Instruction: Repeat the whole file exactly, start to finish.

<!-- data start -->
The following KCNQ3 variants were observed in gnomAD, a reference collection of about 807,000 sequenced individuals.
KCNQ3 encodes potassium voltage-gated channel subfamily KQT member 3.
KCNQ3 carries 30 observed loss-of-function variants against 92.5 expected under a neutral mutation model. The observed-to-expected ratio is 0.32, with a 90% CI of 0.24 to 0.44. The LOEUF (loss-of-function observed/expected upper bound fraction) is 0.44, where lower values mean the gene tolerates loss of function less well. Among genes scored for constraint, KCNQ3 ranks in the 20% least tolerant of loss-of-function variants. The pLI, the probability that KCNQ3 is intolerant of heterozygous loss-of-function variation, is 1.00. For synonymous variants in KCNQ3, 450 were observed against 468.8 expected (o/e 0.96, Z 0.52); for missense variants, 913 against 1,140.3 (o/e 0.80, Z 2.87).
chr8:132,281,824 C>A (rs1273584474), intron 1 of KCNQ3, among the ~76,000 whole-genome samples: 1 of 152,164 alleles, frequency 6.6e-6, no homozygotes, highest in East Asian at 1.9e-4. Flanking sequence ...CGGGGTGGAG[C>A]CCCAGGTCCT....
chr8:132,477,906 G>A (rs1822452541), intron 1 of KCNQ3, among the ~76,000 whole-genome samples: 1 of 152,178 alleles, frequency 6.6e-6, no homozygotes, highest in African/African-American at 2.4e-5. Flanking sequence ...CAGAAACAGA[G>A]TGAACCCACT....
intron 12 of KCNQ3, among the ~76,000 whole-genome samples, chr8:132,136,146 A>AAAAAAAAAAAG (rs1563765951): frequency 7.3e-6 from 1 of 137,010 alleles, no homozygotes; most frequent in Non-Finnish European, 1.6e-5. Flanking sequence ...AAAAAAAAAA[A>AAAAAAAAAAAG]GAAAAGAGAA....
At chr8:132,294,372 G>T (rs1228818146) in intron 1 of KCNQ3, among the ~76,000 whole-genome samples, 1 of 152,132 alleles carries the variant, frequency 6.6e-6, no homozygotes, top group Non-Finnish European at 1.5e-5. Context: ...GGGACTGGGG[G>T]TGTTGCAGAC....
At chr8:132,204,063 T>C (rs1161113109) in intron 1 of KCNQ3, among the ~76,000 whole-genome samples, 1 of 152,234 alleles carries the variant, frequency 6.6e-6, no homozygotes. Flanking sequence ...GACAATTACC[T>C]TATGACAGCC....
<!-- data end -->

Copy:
The following KCNQ3 variants were observed in gnomAD, a reference collection of about 807,000 sequenced individuals.
KCNQ3 encodes potassium voltage-gated channel subfamily KQT member 3.
KCNQ3 carries 30 observed loss-of-function variants against 92.5 expected under a neutral mutation model. The observed-to-expected ratio is 0.32, with a 90% CI of 0.24 to 0.44. The LOEUF (loss-of-function observed/expected upper bound fraction) is 0.44, where lower values mean the gene tolerates loss of function less well. Among genes scored for constraint, KCNQ3 ranks in the 20% least tolerant of loss-of-function variants. The pLI, the probability that KCNQ3 is intolerant of heterozygous loss-of-function variation, is 1.00. For synonymous variants in KCNQ3, 450 were observed against 468.8 expected (o/e 0.96, Z 0.52); for missense variants, 913 against 1,140.3 (o/e 0.80, Z 2.87).
chr8:132,281,824 C>A (rs1273584474), intron 1 of KCNQ3, among the ~76,000 whole-genome samples: 1 of 152,164 alleles, frequency 6.6e-6, no homozygotes, highest in East Asian at 1.9e-4. Flanking sequence ...CGGGGTGGAG[C>A]CCCAGGTCCT....
chr8:132,477,906 G>A (rs1822452541), intron 1 of KCNQ3, among the ~76,000 whole-genome samples: 1 of 152,178 alleles, frequency 6.6e-6, no homozygotes, highest in African/African-American at 2.4e-5. Flanking sequence ...CAGAAACAGA[G>A]TGAACCCACT....
intron 12 of KCNQ3, among the ~76,000 whole-genome samples, chr8:132,136,146 A>AAAAAAAAAAAG (rs1563765951): frequency 7.3e-6 from 1 of 137,010 alleles, no homozygotes; most frequent in Non-Finnish European, 1.6e-5. Flanking sequence ...AAAAAAAAAA[A>AAAAAAAAAAAG]GAAAAGAGAA....
At chr8:132,294,372 G>T (rs1228818146) in intron 1 of KCNQ3, among the ~76,000 whole-genome samples, 1 of 152,132 alleles carries the variant, frequency 6.6e-6, no homozygotes, top group Non-Finnish European at 1.5e-5. Context: ...GGGACTGGGG[G>T]TGTTGCAGAC....
At chr8:132,204,063 T>C (rs1161113109) in intron 1 of KCNQ3, among the ~76,000 whole-genome samples, 1 of 152,234 alleles carries the variant, frequency 6.6e-6, no homozygotes. Flanking sequence ...GACAATTACC[T>C]TATGACAGCC....